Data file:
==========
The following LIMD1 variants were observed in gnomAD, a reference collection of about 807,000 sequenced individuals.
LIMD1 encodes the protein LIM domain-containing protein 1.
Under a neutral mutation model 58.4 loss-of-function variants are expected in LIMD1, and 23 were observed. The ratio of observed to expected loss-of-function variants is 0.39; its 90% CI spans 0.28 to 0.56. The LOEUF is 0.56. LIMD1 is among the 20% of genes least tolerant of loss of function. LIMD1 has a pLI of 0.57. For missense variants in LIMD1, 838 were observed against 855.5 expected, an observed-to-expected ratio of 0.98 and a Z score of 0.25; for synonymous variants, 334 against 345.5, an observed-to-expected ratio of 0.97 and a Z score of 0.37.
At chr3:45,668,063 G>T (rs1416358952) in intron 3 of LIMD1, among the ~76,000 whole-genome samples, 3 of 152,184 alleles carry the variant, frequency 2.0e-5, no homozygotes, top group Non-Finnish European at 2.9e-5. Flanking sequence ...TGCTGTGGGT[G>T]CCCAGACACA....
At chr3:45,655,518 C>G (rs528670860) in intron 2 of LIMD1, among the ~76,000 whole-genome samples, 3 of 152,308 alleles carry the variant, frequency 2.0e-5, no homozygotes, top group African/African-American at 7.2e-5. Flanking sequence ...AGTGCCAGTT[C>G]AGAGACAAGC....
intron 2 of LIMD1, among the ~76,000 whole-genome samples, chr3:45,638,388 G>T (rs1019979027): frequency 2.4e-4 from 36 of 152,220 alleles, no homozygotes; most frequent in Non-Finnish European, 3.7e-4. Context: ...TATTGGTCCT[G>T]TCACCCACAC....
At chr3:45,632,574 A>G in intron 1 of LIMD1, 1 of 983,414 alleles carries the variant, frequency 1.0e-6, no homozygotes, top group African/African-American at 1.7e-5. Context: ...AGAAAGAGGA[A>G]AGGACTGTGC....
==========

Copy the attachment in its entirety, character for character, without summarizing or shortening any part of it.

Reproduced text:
The following LIMD1 variants were observed in gnomAD, a reference collection of about 807,000 sequenced individuals.
LIMD1 encodes the protein LIM domain-containing protein 1.
Under a neutral mutation model 58.4 loss-of-function variants are expected in LIMD1, and 23 were observed. The ratio of observed to expected loss-of-function variants is 0.39; its 90% CI spans 0.28 to 0.56. The LOEUF is 0.56. LIMD1 is among the 20% of genes least tolerant of loss of function. LIMD1 has a pLI of 0.57. For missense variants in LIMD1, 838 were observed against 855.5 expected, an observed-to-expected ratio of 0.98 and a Z score of 0.25; for synonymous variants, 334 against 345.5, an observed-to-expected ratio of 0.97 and a Z score of 0.37.
At chr3:45,668,063 G>T (rs1416358952) in intron 3 of LIMD1, among the ~76,000 whole-genome samples, 3 of 152,184 alleles carry the variant, frequency 2.0e-5, no homozygotes, top group Non-Finnish European at 2.9e-5. Flanking sequence ...TGCTGTGGGT[G>T]CCCAGACACA....
At chr3:45,655,518 C>G (rs528670860) in intron 2 of LIMD1, among the ~76,000 whole-genome samples, 3 of 152,308 alleles carry the variant, frequency 2.0e-5, no homozygotes, top group African/African-American at 7.2e-5. Flanking sequence ...AGTGCCAGTT[C>G]AGAGACAAGC....
intron 2 of LIMD1, among the ~76,000 whole-genome samples, chr3:45,638,388 G>T (rs1019979027): frequency 2.4e-4 from 36 of 152,220 alleles, no homozygotes; most frequent in Non-Finnish European, 3.7e-4. Context: ...TATTGGTCCT[G>T]TCACCCACAC....
At chr3:45,632,574 A>G in intron 1 of LIMD1, 1 of 983,414 alleles carries the variant, frequency 1.0e-6, no homozygotes, top group African/African-American at 1.7e-5. Context: ...AGAAAGAGGA[A>G]AGGACTGTGC....